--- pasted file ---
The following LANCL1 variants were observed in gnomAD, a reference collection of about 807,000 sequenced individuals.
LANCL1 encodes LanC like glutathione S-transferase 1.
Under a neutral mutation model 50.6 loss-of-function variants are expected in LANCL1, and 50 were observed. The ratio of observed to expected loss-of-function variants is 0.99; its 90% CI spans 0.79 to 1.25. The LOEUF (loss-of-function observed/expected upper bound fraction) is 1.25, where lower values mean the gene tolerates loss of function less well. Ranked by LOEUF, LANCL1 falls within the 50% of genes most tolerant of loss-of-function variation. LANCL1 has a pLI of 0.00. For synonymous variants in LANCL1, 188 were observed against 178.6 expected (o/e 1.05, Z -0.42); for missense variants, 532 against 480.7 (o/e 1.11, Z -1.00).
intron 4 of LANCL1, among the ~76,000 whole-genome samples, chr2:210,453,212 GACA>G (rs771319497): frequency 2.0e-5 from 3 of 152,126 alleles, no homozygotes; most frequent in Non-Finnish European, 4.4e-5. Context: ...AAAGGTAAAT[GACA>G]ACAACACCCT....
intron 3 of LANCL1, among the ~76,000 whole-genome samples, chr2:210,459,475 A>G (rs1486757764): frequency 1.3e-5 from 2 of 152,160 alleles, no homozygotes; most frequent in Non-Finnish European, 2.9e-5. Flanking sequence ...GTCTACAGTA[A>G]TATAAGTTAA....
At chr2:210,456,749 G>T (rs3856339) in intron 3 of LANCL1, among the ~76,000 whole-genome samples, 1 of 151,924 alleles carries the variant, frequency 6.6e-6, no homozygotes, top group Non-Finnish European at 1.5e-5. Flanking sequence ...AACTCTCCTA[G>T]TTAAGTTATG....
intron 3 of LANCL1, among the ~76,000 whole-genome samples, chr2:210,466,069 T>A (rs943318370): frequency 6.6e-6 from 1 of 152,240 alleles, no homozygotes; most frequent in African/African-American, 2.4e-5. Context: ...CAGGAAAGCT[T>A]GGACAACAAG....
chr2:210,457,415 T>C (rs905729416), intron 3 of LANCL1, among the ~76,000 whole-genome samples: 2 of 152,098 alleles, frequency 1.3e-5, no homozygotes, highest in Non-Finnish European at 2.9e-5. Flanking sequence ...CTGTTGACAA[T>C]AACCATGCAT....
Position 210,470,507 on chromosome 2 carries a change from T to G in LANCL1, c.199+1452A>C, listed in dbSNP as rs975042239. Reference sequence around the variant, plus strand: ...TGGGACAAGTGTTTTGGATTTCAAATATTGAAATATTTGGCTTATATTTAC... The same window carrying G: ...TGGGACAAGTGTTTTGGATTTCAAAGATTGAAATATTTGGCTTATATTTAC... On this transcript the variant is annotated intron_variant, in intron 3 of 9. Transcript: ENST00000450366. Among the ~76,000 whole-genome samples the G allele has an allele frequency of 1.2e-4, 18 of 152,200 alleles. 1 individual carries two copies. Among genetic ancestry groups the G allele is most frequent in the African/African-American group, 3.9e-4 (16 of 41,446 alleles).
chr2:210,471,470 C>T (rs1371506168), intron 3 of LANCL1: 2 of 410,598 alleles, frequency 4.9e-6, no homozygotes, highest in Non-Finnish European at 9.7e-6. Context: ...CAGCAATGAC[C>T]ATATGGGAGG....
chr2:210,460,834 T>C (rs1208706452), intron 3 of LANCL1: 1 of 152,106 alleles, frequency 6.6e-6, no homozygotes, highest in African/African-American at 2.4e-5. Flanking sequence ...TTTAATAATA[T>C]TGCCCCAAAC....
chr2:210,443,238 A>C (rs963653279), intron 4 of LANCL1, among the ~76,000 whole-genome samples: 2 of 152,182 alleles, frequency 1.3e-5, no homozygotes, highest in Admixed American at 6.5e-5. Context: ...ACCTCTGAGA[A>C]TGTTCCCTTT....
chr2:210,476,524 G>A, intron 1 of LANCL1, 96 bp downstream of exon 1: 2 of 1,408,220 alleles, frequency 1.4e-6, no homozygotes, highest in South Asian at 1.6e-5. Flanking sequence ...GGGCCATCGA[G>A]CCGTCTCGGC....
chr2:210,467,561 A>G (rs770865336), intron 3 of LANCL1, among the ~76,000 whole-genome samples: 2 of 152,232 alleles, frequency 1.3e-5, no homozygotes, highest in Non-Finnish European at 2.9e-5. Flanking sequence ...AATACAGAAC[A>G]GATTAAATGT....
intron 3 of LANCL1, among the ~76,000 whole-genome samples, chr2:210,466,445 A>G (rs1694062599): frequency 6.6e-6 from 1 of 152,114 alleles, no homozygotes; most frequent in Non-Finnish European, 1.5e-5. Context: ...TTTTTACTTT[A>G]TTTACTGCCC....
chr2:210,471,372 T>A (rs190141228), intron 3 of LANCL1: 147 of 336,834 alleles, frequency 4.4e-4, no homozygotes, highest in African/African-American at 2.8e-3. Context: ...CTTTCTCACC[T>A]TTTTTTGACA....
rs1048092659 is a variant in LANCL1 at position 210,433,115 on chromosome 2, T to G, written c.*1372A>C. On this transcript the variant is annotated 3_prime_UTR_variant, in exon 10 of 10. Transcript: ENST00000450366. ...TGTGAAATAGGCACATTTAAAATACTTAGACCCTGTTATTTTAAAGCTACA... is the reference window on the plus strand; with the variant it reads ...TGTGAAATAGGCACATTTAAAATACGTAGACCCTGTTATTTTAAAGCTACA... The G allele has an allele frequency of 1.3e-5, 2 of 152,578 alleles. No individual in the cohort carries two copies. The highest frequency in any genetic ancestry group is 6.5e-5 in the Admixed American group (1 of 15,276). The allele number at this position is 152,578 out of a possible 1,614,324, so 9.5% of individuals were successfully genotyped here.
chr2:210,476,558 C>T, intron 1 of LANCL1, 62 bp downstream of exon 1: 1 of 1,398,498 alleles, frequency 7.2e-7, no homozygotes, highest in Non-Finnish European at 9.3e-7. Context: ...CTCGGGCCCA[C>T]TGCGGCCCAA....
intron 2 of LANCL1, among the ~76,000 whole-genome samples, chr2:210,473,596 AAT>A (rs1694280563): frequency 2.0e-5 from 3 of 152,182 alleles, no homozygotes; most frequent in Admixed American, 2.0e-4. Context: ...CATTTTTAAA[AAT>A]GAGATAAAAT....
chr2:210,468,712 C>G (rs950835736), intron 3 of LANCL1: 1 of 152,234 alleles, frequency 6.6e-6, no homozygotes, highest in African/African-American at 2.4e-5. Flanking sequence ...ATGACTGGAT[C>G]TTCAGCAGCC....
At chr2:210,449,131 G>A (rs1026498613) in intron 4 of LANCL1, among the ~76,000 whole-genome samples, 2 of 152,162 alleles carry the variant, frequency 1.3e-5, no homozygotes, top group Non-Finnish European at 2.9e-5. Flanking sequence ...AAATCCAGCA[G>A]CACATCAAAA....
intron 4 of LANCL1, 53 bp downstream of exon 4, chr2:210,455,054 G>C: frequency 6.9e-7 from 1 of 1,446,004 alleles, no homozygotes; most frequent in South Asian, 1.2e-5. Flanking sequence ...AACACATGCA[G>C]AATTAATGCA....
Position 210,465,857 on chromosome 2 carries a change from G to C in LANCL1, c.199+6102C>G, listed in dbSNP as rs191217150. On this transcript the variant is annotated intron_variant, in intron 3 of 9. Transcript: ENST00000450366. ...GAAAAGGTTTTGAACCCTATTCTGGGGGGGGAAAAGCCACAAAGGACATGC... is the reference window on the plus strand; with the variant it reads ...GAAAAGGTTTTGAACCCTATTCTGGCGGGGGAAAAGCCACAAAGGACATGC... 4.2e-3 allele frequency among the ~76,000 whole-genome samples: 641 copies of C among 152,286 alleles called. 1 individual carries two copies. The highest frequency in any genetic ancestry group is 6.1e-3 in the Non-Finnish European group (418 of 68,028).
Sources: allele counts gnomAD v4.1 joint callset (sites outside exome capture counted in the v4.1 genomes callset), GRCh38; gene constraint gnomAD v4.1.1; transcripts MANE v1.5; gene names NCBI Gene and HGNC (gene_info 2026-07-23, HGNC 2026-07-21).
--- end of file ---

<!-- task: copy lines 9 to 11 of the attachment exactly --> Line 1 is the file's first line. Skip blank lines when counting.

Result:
Position 210,470,507 on chromosome 2 carries a change from T to G in LANCL1, c.199+1452A>C, listed in dbSNP as rs975042239. Reference sequence around the variant, plus strand: ...TGGGACAAGTGTTTTGGATTTCAAATATTGAAATATTTGGCTTATATTTAC... The same window carrying G: ...TGGGACAAGTGTTTTGGATTTCAAAGATTGAAATATTTGGCTTATATTTAC... On this transcript the variant is annotated intron_variant, in intron 3 of 9. Transcript: ENST00000450366. Among the ~76,000 whole-genome samples the G allele has an allele frequency of 1.2e-4, 18 of 152,200 alleles. 1 individual carries two copies. Among genetic ancestry groups the G allele is most frequent in the African/African-American group, 3.9e-4 (16 of 41,446 alleles).
chr2:210,471,470 C>T (rs1371506168), intron 3 of LANCL1: 2 of 410,598 alleles, frequency 4.9e-6, no homozygotes, highest in Non-Finnish European at 9.7e-6. Context: ...CAGCAATGAC[C>T]ATATGGGAGG....
chr2:210,460,834 T>C (rs1208706452), intron 3 of LANCL1: 1 of 152,106 alleles, frequency 6.6e-6, no homozygotes, highest in African/African-American at 2.4e-5. Flanking sequence ...TTTAATAATA[T>C]TGCCCCAAAC....